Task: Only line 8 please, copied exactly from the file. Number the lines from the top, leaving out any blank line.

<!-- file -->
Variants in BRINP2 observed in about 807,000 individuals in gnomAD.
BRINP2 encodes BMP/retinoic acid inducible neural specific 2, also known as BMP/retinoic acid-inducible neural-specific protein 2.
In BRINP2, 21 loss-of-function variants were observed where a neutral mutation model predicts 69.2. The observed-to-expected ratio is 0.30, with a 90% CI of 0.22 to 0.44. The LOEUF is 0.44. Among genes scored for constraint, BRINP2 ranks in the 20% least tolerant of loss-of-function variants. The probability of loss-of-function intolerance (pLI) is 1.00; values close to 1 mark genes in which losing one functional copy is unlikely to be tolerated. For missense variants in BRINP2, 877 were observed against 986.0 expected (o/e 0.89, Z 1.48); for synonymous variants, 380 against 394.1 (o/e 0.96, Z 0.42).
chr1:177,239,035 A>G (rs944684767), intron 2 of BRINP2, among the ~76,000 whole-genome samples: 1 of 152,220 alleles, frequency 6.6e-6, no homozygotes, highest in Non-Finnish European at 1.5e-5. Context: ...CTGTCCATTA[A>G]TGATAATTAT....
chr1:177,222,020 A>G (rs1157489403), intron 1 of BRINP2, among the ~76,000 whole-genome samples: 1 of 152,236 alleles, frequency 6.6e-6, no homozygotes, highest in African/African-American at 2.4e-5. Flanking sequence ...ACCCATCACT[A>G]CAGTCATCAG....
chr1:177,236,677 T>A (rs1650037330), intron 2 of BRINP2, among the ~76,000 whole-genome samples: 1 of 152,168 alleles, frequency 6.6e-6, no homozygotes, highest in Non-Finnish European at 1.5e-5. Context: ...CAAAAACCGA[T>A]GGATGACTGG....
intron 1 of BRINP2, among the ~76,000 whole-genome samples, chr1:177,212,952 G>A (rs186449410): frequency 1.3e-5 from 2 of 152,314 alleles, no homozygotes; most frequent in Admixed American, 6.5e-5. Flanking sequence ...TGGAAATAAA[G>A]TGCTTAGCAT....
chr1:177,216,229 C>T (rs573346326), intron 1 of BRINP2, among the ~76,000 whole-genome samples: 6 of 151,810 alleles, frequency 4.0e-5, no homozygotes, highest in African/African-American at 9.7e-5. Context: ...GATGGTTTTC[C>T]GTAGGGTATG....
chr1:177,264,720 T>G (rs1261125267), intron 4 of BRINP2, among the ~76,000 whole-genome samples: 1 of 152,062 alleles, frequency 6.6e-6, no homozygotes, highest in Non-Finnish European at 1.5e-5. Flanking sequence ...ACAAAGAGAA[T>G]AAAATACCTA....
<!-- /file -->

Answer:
chr1:177,216,229 C>T (rs573346326), intron 1 of BRINP2, among the ~76,000 whole-genome samples: 6 of 151,810 alleles, frequency 4.0e-5, no homozygotes, highest in African/African-American at 9.7e-5. Context: ...GATGGTTTTC[C>T]GTAGGGTATG....